Fish Physiology and Biochemistry

, Volume 40, Issue 1, pp 23–32 | Cite as

Retinal ganglion cell topography in juvenile Pacific bluefin tuna Thunnus orientalis (Temminck and Schlegel)

  • Taeko Miyazaki


The retinal ganglion cell distribution, which is known to reflect fish feeding behavior, was investigated in juvenile Pacific bluefin tuna Thunnus orientalis. During the course of examination, regularly arrayed cells with a distinctive larger soma, which may be regarded as motion-sensitive cells, were found. The topographical distribution of ordinary-sized ganglion cells, which is usually utilized to estimate fish visual axis and/or visual field characteristics, showed that the highest-density area, termed the area centralis, was localized in the ventral-temporal retina. The retinal topography of ordinary-sized ganglion cells seems to reflect the bluefin tuna’s foraging behavior; while cruising, cells in the area centralis may signal potential prey, such as small schooling pelagic fishes or squids, that are present in the upward-forward direction. Judging from morphological characteristics, the large ganglion cells localized in the small temporal retinal area seem to be equivalent to physiologically categorized off-center Y-cells of cat, which are stimulated by a transient dark spot in a bright visual field. It was inferred that presumed large off-center cells in the temporal retina detect movements of agile prey animals escaping from bluefin tuna as a silhouette against environmental light.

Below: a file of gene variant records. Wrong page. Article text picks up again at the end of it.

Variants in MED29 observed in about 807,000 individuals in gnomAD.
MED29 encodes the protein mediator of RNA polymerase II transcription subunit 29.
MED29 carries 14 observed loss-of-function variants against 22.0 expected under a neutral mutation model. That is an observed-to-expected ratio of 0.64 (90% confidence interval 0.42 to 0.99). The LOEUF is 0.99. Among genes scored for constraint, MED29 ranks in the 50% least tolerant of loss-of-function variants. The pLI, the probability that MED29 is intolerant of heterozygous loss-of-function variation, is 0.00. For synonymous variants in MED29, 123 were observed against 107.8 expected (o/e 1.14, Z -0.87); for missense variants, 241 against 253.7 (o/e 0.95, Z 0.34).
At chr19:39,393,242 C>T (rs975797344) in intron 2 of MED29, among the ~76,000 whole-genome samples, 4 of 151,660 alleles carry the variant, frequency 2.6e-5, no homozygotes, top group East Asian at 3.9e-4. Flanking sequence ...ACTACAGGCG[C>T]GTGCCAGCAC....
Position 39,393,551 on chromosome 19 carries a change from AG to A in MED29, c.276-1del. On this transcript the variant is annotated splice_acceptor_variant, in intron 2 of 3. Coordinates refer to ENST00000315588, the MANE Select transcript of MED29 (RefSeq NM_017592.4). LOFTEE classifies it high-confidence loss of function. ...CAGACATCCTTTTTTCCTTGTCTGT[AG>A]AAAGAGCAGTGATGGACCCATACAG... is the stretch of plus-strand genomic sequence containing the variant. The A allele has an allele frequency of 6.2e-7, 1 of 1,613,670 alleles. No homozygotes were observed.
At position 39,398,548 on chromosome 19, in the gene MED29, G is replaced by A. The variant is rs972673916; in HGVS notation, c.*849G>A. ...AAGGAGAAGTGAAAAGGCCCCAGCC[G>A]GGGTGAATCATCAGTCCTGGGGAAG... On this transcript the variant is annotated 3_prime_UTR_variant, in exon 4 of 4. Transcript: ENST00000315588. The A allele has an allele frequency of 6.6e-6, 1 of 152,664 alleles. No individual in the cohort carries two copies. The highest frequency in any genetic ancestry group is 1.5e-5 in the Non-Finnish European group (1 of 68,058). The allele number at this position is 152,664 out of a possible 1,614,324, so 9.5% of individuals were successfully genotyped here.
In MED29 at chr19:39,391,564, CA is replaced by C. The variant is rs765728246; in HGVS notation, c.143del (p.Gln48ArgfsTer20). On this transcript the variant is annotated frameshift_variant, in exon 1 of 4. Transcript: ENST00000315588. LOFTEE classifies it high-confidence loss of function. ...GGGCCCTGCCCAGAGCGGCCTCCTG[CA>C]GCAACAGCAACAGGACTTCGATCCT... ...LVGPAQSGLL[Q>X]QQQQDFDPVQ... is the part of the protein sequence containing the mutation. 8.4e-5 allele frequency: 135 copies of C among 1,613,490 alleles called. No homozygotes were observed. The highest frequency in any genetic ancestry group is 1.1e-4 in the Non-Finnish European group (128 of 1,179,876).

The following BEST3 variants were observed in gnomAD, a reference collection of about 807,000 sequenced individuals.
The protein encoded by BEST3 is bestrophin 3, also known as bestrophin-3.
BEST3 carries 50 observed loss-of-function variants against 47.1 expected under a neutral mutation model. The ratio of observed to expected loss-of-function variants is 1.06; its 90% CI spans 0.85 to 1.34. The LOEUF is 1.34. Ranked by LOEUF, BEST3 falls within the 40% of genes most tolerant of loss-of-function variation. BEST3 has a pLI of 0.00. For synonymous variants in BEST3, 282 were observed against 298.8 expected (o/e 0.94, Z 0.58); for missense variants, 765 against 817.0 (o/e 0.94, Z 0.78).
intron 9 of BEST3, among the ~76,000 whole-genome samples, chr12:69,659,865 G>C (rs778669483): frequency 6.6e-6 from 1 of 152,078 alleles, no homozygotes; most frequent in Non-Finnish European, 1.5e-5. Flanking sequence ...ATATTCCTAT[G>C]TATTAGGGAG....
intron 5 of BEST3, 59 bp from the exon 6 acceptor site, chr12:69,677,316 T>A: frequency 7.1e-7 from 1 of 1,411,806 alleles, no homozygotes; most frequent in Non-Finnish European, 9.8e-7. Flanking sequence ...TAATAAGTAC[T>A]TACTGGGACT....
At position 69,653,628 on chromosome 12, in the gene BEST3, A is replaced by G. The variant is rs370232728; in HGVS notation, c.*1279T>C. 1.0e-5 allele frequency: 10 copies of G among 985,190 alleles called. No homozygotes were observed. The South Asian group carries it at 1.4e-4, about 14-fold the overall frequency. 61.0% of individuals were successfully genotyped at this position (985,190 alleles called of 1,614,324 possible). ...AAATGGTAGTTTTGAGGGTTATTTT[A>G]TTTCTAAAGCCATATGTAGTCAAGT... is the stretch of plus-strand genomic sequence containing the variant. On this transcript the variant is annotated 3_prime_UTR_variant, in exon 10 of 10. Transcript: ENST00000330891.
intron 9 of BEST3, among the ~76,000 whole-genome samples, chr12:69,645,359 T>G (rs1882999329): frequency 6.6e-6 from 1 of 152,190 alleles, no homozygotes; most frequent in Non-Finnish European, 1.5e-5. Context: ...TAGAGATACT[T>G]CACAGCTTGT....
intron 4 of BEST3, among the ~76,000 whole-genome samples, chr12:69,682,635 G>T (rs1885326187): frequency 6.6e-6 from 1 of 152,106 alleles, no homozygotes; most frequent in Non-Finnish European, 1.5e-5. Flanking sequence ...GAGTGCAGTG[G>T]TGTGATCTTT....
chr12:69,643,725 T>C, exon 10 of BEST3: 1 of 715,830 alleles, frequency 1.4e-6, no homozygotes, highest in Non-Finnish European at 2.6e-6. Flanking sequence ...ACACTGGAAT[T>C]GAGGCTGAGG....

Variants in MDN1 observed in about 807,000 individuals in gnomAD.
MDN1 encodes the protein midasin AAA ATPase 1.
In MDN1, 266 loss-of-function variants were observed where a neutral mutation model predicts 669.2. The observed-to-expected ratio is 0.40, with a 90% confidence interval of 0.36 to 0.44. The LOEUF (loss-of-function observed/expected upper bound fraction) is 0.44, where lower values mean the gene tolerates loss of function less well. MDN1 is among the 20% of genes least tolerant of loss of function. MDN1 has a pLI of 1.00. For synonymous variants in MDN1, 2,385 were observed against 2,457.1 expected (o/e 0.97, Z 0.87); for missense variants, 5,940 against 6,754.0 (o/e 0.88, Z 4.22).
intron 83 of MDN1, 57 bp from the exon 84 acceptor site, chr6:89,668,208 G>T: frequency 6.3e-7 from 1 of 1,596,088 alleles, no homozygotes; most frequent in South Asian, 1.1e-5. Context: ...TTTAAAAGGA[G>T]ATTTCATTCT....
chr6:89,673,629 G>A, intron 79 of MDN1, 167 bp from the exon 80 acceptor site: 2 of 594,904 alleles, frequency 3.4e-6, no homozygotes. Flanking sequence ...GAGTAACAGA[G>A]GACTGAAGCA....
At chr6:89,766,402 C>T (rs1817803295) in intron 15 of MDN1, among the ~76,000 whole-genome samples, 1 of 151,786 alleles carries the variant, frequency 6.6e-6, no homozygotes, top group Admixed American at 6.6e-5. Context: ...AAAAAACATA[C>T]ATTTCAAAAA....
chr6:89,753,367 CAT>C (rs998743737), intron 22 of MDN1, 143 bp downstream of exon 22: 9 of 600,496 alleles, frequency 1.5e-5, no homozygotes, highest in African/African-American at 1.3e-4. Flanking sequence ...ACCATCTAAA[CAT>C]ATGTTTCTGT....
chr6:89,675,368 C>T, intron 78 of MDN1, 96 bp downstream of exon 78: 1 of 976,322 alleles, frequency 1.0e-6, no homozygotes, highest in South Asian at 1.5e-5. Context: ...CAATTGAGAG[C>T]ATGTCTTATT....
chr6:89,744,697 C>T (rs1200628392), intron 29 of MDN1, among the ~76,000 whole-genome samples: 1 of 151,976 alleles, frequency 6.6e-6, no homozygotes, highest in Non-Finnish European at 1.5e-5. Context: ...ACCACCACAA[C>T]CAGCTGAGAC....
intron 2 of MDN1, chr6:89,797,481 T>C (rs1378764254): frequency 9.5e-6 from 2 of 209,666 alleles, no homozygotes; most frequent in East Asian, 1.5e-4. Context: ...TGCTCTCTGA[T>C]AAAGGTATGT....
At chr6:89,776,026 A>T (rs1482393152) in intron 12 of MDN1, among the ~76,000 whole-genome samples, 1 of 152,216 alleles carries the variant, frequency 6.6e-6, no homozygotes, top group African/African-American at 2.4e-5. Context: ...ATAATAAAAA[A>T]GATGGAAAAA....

Pacific bluefin tuna Retinal ganglion cell Large ganglion cell Vision Feeding behavior 



The author gratefully acknowledges the staff of the Fisheries Laboratory, Kinki University, for supplying experimental specimens. Two anonymous referees kindly provided valuable comments and constructive suggestions on earlier drafts. This study was supported by a Grant-in-Aid for Scientific Research from the Japan Society for the Promotion of Science (no. 23570113) and the Kakushin Educational Foundation from Kakuda Pearl Co. Ltd.


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Copyright information

© Springer Science+Business Media Dordrecht 2013

Authors and Affiliations

  1. 1.Graduate School of BioresourcesMie UniversityTsuJapan

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